The M.D. of Lesser Slave River has new water rates, which one Canyon Creek man found out the hard way.

At the M.D. of Lesser Slave River council meeting, Herman Derksen spoke to council about his concerns regarding the new water rates. In 2011, the Canyon Creek wildfire burnt through Derksen’s yard. He has three acres of lawn. For the last 10 years, he’s had sprinklers going on his lawn 24/7 in May.

“I make the sucker green as fast as I can,” he says.

Derksen told council his May water bill has been in the $200 to $260 range. This year it was $5,700 for 400 cubic metres of water (around 8,800 gallons).

Part of this is the new rate increase per cubic metres after certain thresholds. Derksen was looking for a break.

“In fire season, there needs to be an allowance to protect our home,” he said.

Councillors were somewhat sympathetic, but made no promises.

“We all 100 per cent understand,” said Councillor Norm Seatter. In 2011, he was one of the firefighters that put up sprinklers on four homes in Canyon Creek with the fire visible.

“We saved those homes,” he added. “I understand being proactive.”

However, council maintained that potable water is for people to drink, not for that type of extensive watering.

Councillor Lana Spencer said that the council had spoken with the fire chief and they don’t want people using water in this way. It depletes reserves and could mean the fire department doesn’t have enough water to fight fires if they come.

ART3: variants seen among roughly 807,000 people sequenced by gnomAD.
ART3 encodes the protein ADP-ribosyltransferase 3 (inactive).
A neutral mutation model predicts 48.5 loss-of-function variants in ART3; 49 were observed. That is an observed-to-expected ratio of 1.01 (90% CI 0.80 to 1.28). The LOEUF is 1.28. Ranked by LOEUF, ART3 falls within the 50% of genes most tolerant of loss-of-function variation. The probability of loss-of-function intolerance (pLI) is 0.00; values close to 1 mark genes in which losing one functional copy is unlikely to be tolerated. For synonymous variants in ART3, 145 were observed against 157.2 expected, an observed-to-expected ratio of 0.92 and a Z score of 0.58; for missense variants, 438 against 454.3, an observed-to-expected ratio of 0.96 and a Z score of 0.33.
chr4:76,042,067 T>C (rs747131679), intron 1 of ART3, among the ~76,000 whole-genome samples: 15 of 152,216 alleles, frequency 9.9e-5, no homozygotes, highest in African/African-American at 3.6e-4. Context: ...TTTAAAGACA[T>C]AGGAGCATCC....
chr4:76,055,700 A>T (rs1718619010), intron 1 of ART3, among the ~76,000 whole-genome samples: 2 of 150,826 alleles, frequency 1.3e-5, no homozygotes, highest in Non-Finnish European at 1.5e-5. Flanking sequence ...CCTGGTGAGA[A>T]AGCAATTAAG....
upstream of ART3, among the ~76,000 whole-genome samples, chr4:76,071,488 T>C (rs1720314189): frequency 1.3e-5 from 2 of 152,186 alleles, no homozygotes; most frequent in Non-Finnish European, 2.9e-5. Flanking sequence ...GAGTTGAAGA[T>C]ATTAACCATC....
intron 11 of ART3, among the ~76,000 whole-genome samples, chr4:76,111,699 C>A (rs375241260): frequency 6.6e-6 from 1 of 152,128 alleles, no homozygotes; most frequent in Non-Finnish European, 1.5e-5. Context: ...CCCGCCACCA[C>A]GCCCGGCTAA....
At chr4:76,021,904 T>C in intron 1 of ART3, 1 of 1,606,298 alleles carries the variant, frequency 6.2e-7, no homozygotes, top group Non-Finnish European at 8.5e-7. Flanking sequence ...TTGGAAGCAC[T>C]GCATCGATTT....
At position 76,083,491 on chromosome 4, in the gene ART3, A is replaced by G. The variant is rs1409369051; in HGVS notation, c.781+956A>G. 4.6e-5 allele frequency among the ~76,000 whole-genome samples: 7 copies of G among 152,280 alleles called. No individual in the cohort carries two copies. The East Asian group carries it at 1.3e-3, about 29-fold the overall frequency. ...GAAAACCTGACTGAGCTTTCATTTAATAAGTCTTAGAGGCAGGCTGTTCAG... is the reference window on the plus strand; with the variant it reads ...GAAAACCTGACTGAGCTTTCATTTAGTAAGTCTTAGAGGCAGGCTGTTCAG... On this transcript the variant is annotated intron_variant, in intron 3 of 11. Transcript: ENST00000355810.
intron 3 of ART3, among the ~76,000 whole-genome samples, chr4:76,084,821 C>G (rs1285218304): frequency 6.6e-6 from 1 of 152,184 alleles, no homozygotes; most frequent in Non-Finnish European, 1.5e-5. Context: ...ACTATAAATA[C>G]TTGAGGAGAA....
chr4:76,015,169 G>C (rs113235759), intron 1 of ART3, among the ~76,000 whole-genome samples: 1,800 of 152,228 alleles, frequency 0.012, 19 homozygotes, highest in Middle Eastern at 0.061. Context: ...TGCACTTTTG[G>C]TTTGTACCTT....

“If everybody used that much, we’d have no potable water,” councillor Sandra Melzer.

The new rates are “to stop people from abusing the system,” said Seatter.

“We have to put our foot down,” said Councillor Brad Pearson. “We’re not even at recovery (cost-wise). The fly in the ointment for me is the communication bit.”

“I felt I had no warning,” said Derksen.

“You’re not the first one who’s come to us,” said councillor Melzer.

At least one of those people had used the water for cattle, which is another use it is not intended for.

Council plans to review the rates and fire suppression will be part of the discussion. Marten Beach and by the golf course there are non-potable water connections to be used for fighting fires.

Councillors decided to continue the discussion in closed session.

“We’ll get back to you,” councillor Melzer told Derksen.

Councillor Norm Seatter

by Pearl Lorentzen

This item copyrighted by / Lakeside Leaader   Slave Lake, Alberta

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